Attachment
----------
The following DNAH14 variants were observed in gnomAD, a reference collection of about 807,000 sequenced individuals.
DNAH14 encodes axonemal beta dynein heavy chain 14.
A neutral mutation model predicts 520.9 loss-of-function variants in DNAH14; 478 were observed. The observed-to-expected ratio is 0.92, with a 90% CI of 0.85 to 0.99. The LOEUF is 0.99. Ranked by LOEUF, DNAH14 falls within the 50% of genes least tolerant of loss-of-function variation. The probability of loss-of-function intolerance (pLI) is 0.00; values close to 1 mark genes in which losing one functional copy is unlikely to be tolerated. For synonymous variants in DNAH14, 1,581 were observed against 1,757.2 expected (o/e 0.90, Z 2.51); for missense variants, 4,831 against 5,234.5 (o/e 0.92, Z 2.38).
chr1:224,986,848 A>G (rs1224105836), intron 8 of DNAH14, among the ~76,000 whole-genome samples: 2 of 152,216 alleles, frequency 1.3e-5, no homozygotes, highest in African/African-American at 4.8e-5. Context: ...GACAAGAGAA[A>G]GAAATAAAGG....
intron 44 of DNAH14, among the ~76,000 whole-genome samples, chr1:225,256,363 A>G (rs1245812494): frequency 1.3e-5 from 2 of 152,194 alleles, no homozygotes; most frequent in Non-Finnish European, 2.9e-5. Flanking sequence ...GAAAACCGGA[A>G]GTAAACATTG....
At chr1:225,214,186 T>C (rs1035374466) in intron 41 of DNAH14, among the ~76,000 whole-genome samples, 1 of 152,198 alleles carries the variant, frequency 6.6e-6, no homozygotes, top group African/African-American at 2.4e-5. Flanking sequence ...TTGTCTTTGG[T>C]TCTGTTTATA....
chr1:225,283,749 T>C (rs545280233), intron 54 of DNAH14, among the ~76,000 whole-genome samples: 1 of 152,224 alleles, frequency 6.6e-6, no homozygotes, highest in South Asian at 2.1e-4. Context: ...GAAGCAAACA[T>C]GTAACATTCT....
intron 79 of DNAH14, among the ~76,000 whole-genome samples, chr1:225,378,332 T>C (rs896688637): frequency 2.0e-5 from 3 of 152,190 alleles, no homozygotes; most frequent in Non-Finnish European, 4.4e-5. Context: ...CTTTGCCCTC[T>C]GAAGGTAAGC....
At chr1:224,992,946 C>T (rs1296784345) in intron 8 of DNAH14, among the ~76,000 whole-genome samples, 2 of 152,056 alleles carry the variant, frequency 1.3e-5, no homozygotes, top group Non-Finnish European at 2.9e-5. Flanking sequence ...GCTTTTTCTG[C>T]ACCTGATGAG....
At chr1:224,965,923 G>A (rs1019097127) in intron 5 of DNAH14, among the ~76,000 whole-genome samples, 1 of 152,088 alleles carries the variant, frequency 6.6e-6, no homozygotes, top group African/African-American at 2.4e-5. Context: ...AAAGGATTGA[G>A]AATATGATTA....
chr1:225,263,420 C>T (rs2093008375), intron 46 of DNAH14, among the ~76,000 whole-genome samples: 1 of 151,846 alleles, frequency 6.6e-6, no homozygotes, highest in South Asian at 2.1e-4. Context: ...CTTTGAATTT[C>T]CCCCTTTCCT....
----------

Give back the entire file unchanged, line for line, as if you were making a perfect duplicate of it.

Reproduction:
The following DNAH14 variants were observed in gnomAD, a reference collection of about 807,000 sequenced individuals.
DNAH14 encodes axonemal beta dynein heavy chain 14.
A neutral mutation model predicts 520.9 loss-of-function variants in DNAH14; 478 were observed. The observed-to-expected ratio is 0.92, with a 90% CI of 0.85 to 0.99. The LOEUF is 0.99. Ranked by LOEUF, DNAH14 falls within the 50% of genes least tolerant of loss-of-function variation. The probability of loss-of-function intolerance (pLI) is 0.00; values close to 1 mark genes in which losing one functional copy is unlikely to be tolerated. For synonymous variants in DNAH14, 1,581 were observed against 1,757.2 expected (o/e 0.90, Z 2.51); for missense variants, 4,831 against 5,234.5 (o/e 0.92, Z 2.38).
chr1:224,986,848 A>G (rs1224105836), intron 8 of DNAH14, among the ~76,000 whole-genome samples: 2 of 152,216 alleles, frequency 1.3e-5, no homozygotes, highest in African/African-American at 4.8e-5. Context: ...GACAAGAGAA[A>G]GAAATAAAGG....
intron 44 of DNAH14, among the ~76,000 whole-genome samples, chr1:225,256,363 A>G (rs1245812494): frequency 1.3e-5 from 2 of 152,194 alleles, no homozygotes; most frequent in Non-Finnish European, 2.9e-5. Flanking sequence ...GAAAACCGGA[A>G]GTAAACATTG....
At chr1:225,214,186 T>C (rs1035374466) in intron 41 of DNAH14, among the ~76,000 whole-genome samples, 1 of 152,198 alleles carries the variant, frequency 6.6e-6, no homozygotes, top group African/African-American at 2.4e-5. Flanking sequence ...TTGTCTTTGG[T>C]TCTGTTTATA....
chr1:225,283,749 T>C (rs545280233), intron 54 of DNAH14, among the ~76,000 whole-genome samples: 1 of 152,224 alleles, frequency 6.6e-6, no homozygotes, highest in South Asian at 2.1e-4. Context: ...GAAGCAAACA[T>C]GTAACATTCT....
intron 79 of DNAH14, among the ~76,000 whole-genome samples, chr1:225,378,332 T>C (rs896688637): frequency 2.0e-5 from 3 of 152,190 alleles, no homozygotes; most frequent in Non-Finnish European, 4.4e-5. Context: ...CTTTGCCCTC[T>C]GAAGGTAAGC....
At chr1:224,992,946 C>T (rs1296784345) in intron 8 of DNAH14, among the ~76,000 whole-genome samples, 2 of 152,056 alleles carry the variant, frequency 1.3e-5, no homozygotes, top group Non-Finnish European at 2.9e-5. Flanking sequence ...GCTTTTTCTG[C>T]ACCTGATGAG....
At chr1:224,965,923 G>A (rs1019097127) in intron 5 of DNAH14, among the ~76,000 whole-genome samples, 1 of 152,088 alleles carries the variant, frequency 6.6e-6, no homozygotes, top group African/African-American at 2.4e-5. Context: ...AAAGGATTGA[G>A]AATATGATTA....
chr1:225,263,420 C>T (rs2093008375), intron 46 of DNAH14, among the ~76,000 whole-genome samples: 1 of 151,846 alleles, frequency 6.6e-6, no homozygotes, highest in South Asian at 2.1e-4. Context: ...CTTTGAATTT[C>T]CCCCTTTCCT....